I think there is an application of that for me, even though it is written for women, that both should focus on the inner beauty of godliness and holiness rather than the external beauty of our bodies.
I don’t think Christians should be very impressed with their bodies. I love C. S. Lewis, and I think he is quoting some medieval person who called his body “brother ass,” which is to say, “Yes, he is serviceable. He is not very impressive. He is loyal. He does what he has to do. He gets me where I need to go. I am just not real impressed with my body any more than I am with my donkey, because 98 percent of the people in the world look ordinary, and if they don’t look ordinary now, they are going to look ordinary real soon. They are going to get wrinkled. They are going to get old. They are going to get old. They are going to get bent over, and all that they thought they had worked for is going to go away, and the most voluptuous female body you have ever seen in your life is going to be ashen-faced in a coffin before she knows it, and then where will be all the investments in that temporary outward beauty?”
“If a man doesn’t want a woman’s good soul more than a woman’s good body, he is not the kind of man you want.”
I am thinking of this for women who may be single, and they want to be fit and attractive for a man someday if God would be pleased. And I would just say to them, If a man doesn’t want a woman’s good soul more than a woman’s good body, he is not the kind of man you want. So don’t pour all your energies into trying to get his attention to the very thing that is to be secondary in his affections.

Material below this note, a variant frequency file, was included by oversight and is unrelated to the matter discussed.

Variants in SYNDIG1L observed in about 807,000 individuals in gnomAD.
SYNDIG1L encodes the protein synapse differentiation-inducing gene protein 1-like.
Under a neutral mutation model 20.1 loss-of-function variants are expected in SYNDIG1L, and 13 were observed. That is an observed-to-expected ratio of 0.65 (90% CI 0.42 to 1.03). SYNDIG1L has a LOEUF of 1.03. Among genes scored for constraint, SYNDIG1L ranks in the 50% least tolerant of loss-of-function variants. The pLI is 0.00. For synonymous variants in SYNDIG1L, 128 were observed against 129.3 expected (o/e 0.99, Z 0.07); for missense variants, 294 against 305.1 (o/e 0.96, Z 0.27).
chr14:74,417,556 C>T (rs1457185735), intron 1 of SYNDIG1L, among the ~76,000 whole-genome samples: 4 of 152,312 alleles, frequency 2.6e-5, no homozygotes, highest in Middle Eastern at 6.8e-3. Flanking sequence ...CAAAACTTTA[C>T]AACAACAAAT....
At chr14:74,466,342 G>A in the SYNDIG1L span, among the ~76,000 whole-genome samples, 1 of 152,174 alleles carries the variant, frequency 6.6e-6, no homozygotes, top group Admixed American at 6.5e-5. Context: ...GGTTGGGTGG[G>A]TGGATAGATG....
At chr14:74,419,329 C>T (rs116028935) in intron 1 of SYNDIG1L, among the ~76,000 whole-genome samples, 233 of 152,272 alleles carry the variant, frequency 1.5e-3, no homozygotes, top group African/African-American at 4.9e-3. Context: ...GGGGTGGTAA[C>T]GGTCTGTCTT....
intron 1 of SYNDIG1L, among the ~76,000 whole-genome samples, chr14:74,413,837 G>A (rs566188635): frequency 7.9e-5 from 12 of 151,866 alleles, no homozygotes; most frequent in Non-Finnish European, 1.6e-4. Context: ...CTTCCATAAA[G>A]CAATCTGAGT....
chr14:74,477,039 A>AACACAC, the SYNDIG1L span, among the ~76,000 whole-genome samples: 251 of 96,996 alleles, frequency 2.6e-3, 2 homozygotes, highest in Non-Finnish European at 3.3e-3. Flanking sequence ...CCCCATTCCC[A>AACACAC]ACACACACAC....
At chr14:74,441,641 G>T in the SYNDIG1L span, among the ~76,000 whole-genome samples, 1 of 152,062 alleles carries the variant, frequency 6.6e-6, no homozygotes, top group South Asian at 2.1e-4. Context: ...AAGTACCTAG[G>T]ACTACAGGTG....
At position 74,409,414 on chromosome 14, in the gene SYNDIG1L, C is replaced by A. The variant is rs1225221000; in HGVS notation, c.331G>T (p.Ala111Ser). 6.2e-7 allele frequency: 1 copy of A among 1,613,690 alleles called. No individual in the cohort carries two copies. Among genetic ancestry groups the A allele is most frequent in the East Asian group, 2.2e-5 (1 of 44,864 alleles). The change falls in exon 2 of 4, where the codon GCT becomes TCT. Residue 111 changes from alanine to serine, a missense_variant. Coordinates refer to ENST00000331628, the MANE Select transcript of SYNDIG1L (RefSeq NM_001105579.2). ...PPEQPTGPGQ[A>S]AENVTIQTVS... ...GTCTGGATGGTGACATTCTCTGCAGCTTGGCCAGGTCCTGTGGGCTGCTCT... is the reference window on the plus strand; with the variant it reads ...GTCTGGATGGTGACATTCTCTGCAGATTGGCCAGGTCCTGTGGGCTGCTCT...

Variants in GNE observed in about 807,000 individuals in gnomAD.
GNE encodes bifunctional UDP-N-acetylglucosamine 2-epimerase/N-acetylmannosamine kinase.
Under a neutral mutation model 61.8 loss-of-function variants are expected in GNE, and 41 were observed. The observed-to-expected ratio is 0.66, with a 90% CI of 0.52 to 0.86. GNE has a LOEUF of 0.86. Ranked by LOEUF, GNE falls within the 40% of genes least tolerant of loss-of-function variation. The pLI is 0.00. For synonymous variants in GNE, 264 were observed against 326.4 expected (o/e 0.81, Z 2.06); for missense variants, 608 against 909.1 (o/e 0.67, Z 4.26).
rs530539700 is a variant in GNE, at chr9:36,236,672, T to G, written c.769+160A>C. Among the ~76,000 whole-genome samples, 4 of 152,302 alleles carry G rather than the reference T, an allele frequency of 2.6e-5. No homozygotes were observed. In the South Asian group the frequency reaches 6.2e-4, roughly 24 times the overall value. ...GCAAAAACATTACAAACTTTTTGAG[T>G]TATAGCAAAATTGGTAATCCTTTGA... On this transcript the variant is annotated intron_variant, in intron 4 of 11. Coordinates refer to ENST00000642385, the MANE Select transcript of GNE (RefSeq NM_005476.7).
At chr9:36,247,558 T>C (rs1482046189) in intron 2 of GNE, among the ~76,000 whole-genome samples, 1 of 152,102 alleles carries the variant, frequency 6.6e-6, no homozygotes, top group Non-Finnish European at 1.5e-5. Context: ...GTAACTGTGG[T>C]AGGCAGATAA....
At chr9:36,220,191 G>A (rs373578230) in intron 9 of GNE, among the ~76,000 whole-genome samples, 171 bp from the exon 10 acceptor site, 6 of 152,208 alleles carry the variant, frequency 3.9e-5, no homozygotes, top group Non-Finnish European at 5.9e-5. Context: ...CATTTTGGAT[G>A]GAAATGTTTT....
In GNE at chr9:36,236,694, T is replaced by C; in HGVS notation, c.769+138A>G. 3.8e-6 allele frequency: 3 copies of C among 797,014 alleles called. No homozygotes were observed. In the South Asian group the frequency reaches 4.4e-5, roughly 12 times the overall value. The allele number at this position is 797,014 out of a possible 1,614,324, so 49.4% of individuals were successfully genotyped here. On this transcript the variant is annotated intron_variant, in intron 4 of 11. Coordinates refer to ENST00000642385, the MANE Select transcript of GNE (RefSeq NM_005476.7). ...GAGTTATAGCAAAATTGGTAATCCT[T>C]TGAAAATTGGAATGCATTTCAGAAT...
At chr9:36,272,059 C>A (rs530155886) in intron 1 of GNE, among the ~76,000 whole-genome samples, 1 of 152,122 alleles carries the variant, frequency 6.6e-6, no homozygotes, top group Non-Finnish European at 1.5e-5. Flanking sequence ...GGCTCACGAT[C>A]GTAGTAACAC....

And the second thing to close with is, God knit us together in our mother’s womb (see Psalm 139:13). He really made our basic structures. And there are some you are just not going to change — the kind of hair you have got, the kind of nose you have got, the kind of hips you have got, the kind of height you have got, and the kind of complexion you have got. These are things that are just given with our God-given genetics. And, therefore, it really is a matter of trust, isn’t it? Do we trust him? Did God blow it with me? Did God make a mistake with me? God doesn’t make mistakes. So let’s all present our bodies with all their pluses and minuses as a living sacrifice, acceptable to God. This is our spiritual worship (see Romans 12:1).